In addition, as a traveler myself, I have found that special places like Maui benefit from travelers like me who want to GIVE BACK to the local community. Why take away this method of travel, which will hurt travelers and locals alike?
As an owner, I agree - we need to abide by the rules AND pay the respective fees (which further supports the economy), which I do, so we owners CONTRIBUTE to the community.
Another point is that by be eliminating transient accommodations, the hotels would have the ability to raise rates, which could further hinder travel to Maui! And for those travelers who cannot afford the high hotel rates, they actually still travel to Maui using STRV's and also infuse other capital into the community.
Please do not phase out transient accommodations in Maui, especially in this time of need to rebuild the economy. Thank you!
Does anyone really believe that 40 year old oceanfront concrete buildings can be part of the solution to Maui's affordable housing dilemma? All it would be is a boon to the hotel industry that has battled for years to stifle the TVR industry so that they can jack up room rates, increase occupancy and send more profits home to their shareholders. The County will lose millions of dollars of revenue that they were planning on to build more affordable housing. Instead these buildings will become more stressed due to shoreline erosion and falling occupancy and thousands of owners who made good-faith property purchases will be denied the ability to supplement their incomes and hundreds of tradespeople who serve these properties will lose their jobs. A sad day indeed for Maui.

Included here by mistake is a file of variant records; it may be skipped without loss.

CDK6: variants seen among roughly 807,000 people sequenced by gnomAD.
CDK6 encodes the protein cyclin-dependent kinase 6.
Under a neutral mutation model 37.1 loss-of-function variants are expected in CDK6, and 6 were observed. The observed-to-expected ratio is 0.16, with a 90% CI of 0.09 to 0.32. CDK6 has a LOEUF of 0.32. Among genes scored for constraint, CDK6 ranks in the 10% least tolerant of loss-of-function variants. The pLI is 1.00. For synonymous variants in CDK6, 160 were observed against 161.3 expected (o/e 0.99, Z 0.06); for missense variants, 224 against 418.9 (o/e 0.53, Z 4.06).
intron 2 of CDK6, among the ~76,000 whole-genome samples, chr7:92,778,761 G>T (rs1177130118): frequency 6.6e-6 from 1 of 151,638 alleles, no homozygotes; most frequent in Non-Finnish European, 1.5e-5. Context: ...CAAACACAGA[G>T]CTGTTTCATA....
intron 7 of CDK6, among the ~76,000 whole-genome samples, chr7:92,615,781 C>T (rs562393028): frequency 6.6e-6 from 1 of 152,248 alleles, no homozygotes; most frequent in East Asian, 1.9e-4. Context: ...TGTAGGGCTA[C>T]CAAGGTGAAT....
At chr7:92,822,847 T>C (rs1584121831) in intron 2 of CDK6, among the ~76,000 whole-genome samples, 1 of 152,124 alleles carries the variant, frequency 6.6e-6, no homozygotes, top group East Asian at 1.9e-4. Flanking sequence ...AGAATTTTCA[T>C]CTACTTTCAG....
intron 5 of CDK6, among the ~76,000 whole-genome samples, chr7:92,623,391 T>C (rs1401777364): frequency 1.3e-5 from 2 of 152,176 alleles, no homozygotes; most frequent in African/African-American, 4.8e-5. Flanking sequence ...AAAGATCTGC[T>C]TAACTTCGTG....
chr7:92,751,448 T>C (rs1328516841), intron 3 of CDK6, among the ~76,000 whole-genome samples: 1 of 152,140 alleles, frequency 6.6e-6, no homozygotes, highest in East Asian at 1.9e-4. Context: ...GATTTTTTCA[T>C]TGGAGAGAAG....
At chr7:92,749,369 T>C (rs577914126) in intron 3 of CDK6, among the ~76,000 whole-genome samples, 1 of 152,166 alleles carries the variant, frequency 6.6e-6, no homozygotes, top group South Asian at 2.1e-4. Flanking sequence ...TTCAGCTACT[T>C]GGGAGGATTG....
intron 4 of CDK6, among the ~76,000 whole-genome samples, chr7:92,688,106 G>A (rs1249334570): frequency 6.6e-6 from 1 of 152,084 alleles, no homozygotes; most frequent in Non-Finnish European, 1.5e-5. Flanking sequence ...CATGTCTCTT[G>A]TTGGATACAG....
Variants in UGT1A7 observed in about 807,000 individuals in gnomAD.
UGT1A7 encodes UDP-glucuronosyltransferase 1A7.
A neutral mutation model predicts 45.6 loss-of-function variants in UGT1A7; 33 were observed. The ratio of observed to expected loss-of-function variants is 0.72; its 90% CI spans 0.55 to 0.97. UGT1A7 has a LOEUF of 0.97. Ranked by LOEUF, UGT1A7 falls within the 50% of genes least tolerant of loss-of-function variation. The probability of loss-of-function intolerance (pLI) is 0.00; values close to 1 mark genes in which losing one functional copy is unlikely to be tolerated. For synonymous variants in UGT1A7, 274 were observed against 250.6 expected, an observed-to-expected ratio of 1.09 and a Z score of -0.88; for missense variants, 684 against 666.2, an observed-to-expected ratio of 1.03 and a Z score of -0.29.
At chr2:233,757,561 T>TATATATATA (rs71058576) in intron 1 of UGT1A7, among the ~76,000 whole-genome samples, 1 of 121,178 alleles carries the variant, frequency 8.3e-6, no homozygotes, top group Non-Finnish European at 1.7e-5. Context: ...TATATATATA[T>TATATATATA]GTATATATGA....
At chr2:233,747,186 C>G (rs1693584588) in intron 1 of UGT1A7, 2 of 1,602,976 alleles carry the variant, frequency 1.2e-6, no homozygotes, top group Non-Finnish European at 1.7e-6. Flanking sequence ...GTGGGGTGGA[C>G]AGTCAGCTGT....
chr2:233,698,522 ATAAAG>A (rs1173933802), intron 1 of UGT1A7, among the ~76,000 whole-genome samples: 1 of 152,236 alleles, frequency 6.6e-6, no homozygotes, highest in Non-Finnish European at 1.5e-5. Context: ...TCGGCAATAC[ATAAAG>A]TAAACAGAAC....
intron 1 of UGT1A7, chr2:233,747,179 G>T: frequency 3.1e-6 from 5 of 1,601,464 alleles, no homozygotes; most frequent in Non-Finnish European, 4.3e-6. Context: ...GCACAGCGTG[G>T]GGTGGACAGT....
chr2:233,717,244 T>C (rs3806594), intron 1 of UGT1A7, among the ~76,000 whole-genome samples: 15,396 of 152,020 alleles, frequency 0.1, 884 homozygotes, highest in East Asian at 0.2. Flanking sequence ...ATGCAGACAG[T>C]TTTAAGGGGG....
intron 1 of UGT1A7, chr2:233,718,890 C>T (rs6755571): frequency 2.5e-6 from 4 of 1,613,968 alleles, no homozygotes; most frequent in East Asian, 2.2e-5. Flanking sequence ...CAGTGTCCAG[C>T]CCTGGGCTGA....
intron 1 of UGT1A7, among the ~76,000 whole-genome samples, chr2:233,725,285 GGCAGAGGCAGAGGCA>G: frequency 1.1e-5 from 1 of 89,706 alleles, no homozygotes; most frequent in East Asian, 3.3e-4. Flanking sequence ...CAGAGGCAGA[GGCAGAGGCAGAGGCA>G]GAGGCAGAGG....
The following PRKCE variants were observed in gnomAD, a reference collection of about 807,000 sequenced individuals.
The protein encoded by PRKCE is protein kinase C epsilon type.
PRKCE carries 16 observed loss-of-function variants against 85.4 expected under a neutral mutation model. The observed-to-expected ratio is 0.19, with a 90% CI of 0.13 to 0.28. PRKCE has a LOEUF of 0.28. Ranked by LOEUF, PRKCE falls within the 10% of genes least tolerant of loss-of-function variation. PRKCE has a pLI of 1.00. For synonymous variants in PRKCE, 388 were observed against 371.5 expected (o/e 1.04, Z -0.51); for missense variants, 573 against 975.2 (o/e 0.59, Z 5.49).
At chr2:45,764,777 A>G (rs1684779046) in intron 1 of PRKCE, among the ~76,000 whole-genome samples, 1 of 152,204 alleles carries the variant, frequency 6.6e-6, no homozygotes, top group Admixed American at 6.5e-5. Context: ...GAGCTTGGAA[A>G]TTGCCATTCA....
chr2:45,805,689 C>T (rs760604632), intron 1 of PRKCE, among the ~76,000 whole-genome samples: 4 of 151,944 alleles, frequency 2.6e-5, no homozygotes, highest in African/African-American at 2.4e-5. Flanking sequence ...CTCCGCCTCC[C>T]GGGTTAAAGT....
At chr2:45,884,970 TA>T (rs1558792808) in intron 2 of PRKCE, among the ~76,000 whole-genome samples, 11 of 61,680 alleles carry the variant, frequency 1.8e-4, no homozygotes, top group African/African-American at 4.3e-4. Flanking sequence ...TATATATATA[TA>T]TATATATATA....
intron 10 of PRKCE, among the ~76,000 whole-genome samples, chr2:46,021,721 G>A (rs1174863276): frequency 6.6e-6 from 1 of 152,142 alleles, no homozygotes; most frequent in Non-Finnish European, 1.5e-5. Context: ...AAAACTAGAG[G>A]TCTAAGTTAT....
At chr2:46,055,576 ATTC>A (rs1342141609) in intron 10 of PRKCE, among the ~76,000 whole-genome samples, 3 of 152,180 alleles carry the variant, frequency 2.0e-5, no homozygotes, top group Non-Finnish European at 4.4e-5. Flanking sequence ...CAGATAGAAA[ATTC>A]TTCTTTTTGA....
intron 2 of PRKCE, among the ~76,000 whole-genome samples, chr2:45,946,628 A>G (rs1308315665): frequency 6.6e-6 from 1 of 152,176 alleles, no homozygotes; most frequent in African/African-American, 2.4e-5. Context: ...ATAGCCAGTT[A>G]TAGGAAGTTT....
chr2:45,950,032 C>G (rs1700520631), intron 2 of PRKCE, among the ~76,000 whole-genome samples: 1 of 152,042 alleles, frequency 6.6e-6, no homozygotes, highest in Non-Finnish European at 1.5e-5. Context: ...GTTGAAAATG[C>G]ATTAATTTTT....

Gee Whiz.....another useless exercise and more stress to us by the Maui gummint....
Do they not know that the people that rent from us transient providers do so because they cannot afford the room charges at our local hotels.?
And...most important, stay at a mini home usually, with magnificent ocean views and easy access that your have to pay a fortune for at any of the Maui hotels that have similar attributes.?
Reminds me when the Maui gummint wanted to have our local RE agents collect our rents, take out the Transient and GE taxes, and send us the remainder.